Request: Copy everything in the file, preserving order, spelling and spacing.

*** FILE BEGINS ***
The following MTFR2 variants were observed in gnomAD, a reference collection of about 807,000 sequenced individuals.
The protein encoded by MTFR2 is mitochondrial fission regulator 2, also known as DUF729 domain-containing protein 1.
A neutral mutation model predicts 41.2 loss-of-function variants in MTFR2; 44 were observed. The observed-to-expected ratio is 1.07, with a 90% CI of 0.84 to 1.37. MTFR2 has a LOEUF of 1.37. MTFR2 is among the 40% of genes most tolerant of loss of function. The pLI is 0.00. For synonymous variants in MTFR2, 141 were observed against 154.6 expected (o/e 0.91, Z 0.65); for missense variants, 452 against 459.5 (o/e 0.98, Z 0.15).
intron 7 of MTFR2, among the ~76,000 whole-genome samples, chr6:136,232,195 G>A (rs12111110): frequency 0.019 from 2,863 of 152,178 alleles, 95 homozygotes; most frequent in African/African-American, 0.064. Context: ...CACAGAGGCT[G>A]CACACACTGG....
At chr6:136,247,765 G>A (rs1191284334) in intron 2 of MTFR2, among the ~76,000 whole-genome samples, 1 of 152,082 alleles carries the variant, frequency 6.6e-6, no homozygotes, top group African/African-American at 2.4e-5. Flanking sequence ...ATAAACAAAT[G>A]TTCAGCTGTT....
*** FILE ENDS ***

The following MTFR2 variants were observed in gnomAD, a reference collection of about 807,000 sequenced individuals.
The protein encoded by MTFR2 is mitochondrial fission regulator 2, also known as DUF729 domain-containing protein 1.
A neutral mutation model predicts 41.2 loss-of-function variants in MTFR2; 44 were observed. The observed-to-expected ratio is 1.07, with a 90% CI of 0.84 to 1.37. MTFR2 has a LOEUF of 1.37. MTFR2 is among the 40% of genes most tolerant of loss of function. The pLI is 0.00. For synonymous variants in MTFR2, 141 were observed against 154.6 expected (o/e 0.91, Z 0.65); for missense variants, 452 against 459.5 (o/e 0.98, Z 0.15).
intron 7 of MTFR2, among the ~76,000 whole-genome samples, chr6:136,232,195 G>A (rs12111110): frequency 0.019 from 2,863 of 152,178 alleles, 95 homozygotes; most frequent in African/African-American, 0.064. Context: ...CACAGAGGCT[G>A]CACACACTGG....
At chr6:136,247,765 G>A (rs1191284334) in intron 2 of MTFR2, among the ~76,000 whole-genome samples, 1 of 152,082 alleles carries the variant, frequency 6.6e-6, no homozygotes, top group African/African-American at 2.4e-5. Flanking sequence ...ATAAACAAAT[G>A]TTCAGCTGTT....